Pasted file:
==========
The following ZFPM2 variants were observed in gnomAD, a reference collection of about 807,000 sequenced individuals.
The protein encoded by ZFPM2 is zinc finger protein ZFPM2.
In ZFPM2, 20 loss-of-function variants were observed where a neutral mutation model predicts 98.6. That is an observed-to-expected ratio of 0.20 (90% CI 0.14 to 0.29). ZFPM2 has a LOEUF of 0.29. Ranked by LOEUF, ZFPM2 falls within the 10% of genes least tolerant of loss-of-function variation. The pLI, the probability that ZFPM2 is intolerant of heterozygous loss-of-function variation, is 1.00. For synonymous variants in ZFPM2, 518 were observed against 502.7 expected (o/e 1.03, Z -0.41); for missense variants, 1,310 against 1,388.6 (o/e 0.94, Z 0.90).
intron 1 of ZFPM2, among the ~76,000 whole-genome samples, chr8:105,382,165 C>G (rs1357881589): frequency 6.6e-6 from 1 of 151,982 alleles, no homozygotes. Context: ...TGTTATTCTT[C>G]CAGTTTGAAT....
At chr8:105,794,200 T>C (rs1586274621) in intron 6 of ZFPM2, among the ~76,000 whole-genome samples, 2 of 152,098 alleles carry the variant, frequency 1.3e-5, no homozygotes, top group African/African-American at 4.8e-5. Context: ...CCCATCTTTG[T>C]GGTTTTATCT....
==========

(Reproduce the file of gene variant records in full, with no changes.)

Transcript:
The following ZFPM2 variants were observed in gnomAD, a reference collection of about 807,000 sequenced individuals.
The protein encoded by ZFPM2 is zinc finger protein ZFPM2.
In ZFPM2, 20 loss-of-function variants were observed where a neutral mutation model predicts 98.6. That is an observed-to-expected ratio of 0.20 (90% CI 0.14 to 0.29). ZFPM2 has a LOEUF of 0.29. Ranked by LOEUF, ZFPM2 falls within the 10% of genes least tolerant of loss-of-function variation. The pLI, the probability that ZFPM2 is intolerant of heterozygous loss-of-function variation, is 1.00. For synonymous variants in ZFPM2, 518 were observed against 502.7 expected (o/e 1.03, Z -0.41); for missense variants, 1,310 against 1,388.6 (o/e 0.94, Z 0.90).
intron 1 of ZFPM2, among the ~76,000 whole-genome samples, chr8:105,382,165 C>G (rs1357881589): frequency 6.6e-6 from 1 of 151,982 alleles, no homozygotes. Context: ...TGTTATTCTT[C>G]CAGTTTGAAT....
At chr8:105,794,200 T>C (rs1586274621) in intron 6 of ZFPM2, among the ~76,000 whole-genome samples, 2 of 152,098 alleles carry the variant, frequency 1.3e-5, no homozygotes, top group African/African-American at 4.8e-5. Context: ...CCCATCTTTG[T>C]GGTTTTATCT....